An article by Lynn Burkhead of Peterson’s Bowhunting even chuckled a little until the full weight of the situation set in:

Pretty sobering stuff. While the Oregon initiative might have initially seemed like humor straight out of the weekend funny papers, the truth is that now there really is a safe falling out of the sky here and it’s aimed for the noggins of Oregon’s outdoors enthusiasts who enjoy some of the nation’s best big-game hunting, waterfowling, upland bird hunting, and fishing activities on private, state, and federal lands.

The other unintended consequence is what this does to land management in the state. Through the Pittman-Robertson Federal Aid in Wildlife Restoration Act a flood of funds go into the coffers to maintain the same land many recreate on, regardless of being a hunter or not. There is also revenue used for management that is generated from the sale of fishing and hunting licenses. This banning of hunting will equate to a defund the police movement for wildlife. Yank the funds and remove the force that keeps everything in balance, you’ll have a Portland equivalent in mother nature. As we all know, Portland is gaining high marks on how they handle things. Is the city still burning? Anyone check in on them lately? Think that’s a stretch, how about the feral hog problems in Texas or the reinvigoration of wolf populations turning out to be problematic. Who is going to pay for land management?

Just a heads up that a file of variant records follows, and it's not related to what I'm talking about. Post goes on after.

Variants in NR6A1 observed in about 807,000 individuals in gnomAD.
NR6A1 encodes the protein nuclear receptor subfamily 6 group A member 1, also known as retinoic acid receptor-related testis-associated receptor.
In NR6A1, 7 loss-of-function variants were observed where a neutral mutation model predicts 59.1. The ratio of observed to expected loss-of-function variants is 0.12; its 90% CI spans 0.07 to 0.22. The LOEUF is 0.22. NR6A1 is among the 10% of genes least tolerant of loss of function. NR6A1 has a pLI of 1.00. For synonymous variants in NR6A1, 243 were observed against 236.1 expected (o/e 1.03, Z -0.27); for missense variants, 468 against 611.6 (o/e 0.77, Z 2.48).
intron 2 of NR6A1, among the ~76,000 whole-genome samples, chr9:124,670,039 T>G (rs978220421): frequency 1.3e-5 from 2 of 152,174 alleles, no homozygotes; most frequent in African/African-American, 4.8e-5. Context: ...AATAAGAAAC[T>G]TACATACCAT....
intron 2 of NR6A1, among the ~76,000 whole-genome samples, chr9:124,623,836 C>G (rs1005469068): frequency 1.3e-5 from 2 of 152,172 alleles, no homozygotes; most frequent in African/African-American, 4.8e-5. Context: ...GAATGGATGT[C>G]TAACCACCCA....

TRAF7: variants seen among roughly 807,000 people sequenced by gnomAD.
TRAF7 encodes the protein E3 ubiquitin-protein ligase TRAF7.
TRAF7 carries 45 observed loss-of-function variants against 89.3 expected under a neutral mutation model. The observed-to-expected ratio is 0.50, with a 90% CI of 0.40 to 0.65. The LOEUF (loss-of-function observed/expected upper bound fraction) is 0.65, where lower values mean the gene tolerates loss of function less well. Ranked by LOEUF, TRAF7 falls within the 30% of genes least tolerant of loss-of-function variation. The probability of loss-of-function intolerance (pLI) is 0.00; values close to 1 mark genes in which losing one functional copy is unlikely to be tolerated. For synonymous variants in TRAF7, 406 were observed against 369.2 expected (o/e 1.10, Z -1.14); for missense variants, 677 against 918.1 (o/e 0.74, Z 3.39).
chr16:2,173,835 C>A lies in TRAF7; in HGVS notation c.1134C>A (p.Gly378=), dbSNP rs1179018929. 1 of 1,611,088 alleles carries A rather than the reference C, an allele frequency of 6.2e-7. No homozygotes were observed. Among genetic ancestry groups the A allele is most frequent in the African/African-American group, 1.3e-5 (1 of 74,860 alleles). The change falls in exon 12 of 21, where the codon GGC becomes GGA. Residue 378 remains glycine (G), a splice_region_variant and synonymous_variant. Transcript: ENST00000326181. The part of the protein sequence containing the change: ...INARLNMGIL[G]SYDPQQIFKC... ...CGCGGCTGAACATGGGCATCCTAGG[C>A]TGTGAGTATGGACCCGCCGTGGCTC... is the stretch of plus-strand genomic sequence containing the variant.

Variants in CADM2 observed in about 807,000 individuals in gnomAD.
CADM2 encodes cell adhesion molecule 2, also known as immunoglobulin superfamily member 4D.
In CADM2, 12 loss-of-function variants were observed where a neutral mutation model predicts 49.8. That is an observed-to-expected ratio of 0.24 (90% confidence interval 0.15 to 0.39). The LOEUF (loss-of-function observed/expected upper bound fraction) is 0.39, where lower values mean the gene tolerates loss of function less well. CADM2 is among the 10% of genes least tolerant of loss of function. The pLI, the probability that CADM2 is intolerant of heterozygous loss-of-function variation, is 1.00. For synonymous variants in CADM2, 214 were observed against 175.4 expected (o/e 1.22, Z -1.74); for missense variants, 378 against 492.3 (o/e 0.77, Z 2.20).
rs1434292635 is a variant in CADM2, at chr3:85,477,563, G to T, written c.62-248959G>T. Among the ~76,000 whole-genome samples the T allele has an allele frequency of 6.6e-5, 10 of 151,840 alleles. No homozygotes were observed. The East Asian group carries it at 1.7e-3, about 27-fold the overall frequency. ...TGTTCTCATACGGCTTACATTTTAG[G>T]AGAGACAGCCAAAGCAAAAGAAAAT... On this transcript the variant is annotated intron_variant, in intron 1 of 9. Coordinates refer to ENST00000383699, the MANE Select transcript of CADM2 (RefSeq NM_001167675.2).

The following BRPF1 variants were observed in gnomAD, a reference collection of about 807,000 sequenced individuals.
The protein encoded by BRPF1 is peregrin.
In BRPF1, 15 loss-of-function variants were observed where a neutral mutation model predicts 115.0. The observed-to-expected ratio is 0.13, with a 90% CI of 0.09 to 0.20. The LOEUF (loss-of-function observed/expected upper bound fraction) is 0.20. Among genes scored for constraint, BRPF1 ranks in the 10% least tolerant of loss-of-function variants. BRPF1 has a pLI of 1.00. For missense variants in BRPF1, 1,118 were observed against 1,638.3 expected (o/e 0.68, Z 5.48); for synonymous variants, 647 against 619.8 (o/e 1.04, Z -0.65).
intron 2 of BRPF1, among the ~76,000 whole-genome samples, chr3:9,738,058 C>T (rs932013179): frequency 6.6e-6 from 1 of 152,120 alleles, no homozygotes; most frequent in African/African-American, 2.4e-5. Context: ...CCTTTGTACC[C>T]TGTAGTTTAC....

Let’s not worry too much. Now is the perfect time for all the progressive politicians that have been saying the Second Amendment is about hunting to step up to the plate and swing. I’m sure all the weight of Moms Demand Action, a Bloomberg funded group, will be put into stopping such a measure. If Bloomberg, Feinstein and the ilk are going to use hunting as a pulpit for usurping rights, they best stand up for it as a right when it’s threatened under the same logic. There should be an outpouring of support to not let this ballot initiative see the light of day! Besides, we have an ace in the hole, President Biden. Biden will come to Oregon’s rescue. In an interview with Field and Stream back in 2013, even he said the Second Amendment protected hunting (and other activities):

It was written primarily for self-defense. The argument about whether or not it was, you know, that famous phrase of Jefferson’s, “The tree of liberty is watered with the blood of patriots,” which is often used by people who are super-enthusiasts–the Supreme Court has ruled that it’s an individual right. It is not a corporate right. It is not related to a well-established militia, a well-regulated militia. But it also has ruled that it is constitutional to own a gun individually for purposes of sporting, hunting, and/or self-defense.